2003 Progress Report: The Influence of Amphiphilic Molecules on the Environmental Fate and Transport of PharmaceuticalsEPA Grant Number: R829005
Title: The Influence of Amphiphilic Molecules on the Environmental Fate and Transport of Pharmaceuticals
Investigators: Kibbey, Tohren C.G. , Sabatini, David A.
Institution: University of Oklahoma
EPA Project Officer: Page, Angela
Project Period: September 1, 2001 through August 31, 2004 (Extended to August 31, 2005)
Project Period Covered by this Report: September 1, 2002 through August 31, 2003
Project Amount: $316,600
RFA: Drinking Water (2000) RFA Text | Recipients Lists
Research Category: Drinking Water , Water Quality , Water
The objective of this research project is to evaluate transport processes affecting pharmaceutical movement in the environment, with an emphasis on the influence of amphiphiles (e.g., surfactants, phospholipids) on the fate and transport of pharmaceuticals in the environment. The approach involves the use of a combination of batch and column adsorption and desorption experiments involving environmentally relevant pharmaceuticals and amphiphiles. In addition, a transport simulator (tracking both surfactants and pharmaceuticals and their coupled transport) will be developed to interpret experimental results and assess the potential impact of amphiphiles on the migration of pharmaceuticals. Work to be conducted is divided into four main tasks: (1) batch adsorption/desorption experiments; (2) column transport experiments with surfactants; (3) column transport experiments with Class II amphiphiles/vesicles; and (4) development of a coupled transport simulator.
To date, we have been making excellent progress in Tasks 1 (batch experiments) and 2 (column experiments), and have begun work on Task 4 (development of a coupled transport simulator). For our initial work, we have selected four compounds representing major classes of pharmaceuticals and covering a range of physicochemical properties: acetaminophen (an analgesic); carbamazepine (an antidepressant); 17--ethinylestradiol (a hormone); and nalidixic acid (an antibiotic). Additional work also has begun with naproxen (an analgesic) and norfloxacin (an antibiotic).
Our experiments in Year 2 of the project have focused on studying the adsorption and transport behavior of pharmaceutical compounds in the presence and absence of surfactants. Much of the work has been conducted on Canadian River Alluvium, a natural material with an organic carbon content of 0.44 percent. In addition, selected experiments have been conducted with U.S. Silica F-95 sand, a fine-grained natural sand, and several additional model materials, including a high surface area silica and a high surface area alumina. The purpose of experiments with model materials was to better understand the behaviors we have observed for both adsorption and transport with the more complex sorbents.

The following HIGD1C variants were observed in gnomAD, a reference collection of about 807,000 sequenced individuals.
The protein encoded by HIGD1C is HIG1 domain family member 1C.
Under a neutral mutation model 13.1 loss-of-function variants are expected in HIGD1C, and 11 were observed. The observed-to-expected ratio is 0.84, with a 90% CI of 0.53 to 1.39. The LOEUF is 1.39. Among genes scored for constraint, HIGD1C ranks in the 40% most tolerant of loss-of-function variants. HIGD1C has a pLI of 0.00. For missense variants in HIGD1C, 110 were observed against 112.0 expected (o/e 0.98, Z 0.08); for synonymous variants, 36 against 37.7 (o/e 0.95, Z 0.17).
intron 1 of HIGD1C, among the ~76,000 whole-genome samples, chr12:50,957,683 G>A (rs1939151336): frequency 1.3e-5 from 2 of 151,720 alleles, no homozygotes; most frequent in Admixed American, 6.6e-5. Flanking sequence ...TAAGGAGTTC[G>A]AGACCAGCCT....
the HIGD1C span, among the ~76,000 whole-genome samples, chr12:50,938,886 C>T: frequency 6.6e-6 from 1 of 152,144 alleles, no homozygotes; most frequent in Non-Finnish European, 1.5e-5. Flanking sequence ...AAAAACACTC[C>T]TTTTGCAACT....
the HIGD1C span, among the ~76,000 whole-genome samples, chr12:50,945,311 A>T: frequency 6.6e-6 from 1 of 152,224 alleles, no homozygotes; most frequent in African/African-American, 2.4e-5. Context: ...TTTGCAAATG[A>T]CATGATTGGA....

Adsorption experiments in the presence and absence of surfactants have shown increased adsorption of pharmaceutical compounds up to factors of two or more, with the magnitude depending on the surfactant and pharmaceutical studied, as well as experimental conditions. The surfactants used in experiments to date have included cetylpyridinium chloride (a cationic surfactant) and a nonylphenol ethoxylate with nine ethoxylate units (NP9, a nonionic surfactant). In general, results have tended to parallel pharmaceutical solubility and Kow (i.e., pharmaceuticals with low solubilities or high Kow values exhibit a greater increase in adsorption in the presence of surfactants). Interestingly, solubility and Kow do not appear to be uniform predictors of pharmaceutical adsorption in the absence of surfactants. Although high solubility compounds such as acetaminophen tend to adsorb very weakly to solid surfaces, as might be expected, the low solubility compound carbamazepine (S = 17.7 mg/L; log Kow = 2.45) adsorbs very weakly. Nalidixic acid, which has a higher solubility and lower Kow than carbamazepine (S = 100 mg/L; log Kow = 1.59), adsorbs to a much greater extent under similar conditions.
Transport experiments with surfactants have shown that the influence of surfactants on transport is quantitatively consistent with batch adsorption experiments. Transport experiments have shown nonequilibrium adsorption behavior for several of the compounds studied, both in the presence and absence of surfactants. This observation has been of particular interest because it has been observed on relatively ideal solid surfaces with little internal surface area. It is speculated that the nonequilibrium behavior may result from simultaneous linked transport of the ionized and neutral forms of the compounds. Ongoing work is evaluating this hypothesis. Implications of nonequilibrium adsorption for transport of pharmaceuticals in the environment include unexpectedly early breakthrough of pharmaceutical compounds, as well as longer tailing at the end of the breakthrough curve, features that could potentially increase risk beyond that which would be expected from standard equilibrium transport models.
We will continue to conduct experiments as described above, following the plan outlined in the original proposal. In Year 3 of the project, we anticipate collecting considerable data with a wide range of surfactant/pharmaceutical combinations. We also will continue work on the transport simulator, and begin work with Class II amphiphiles.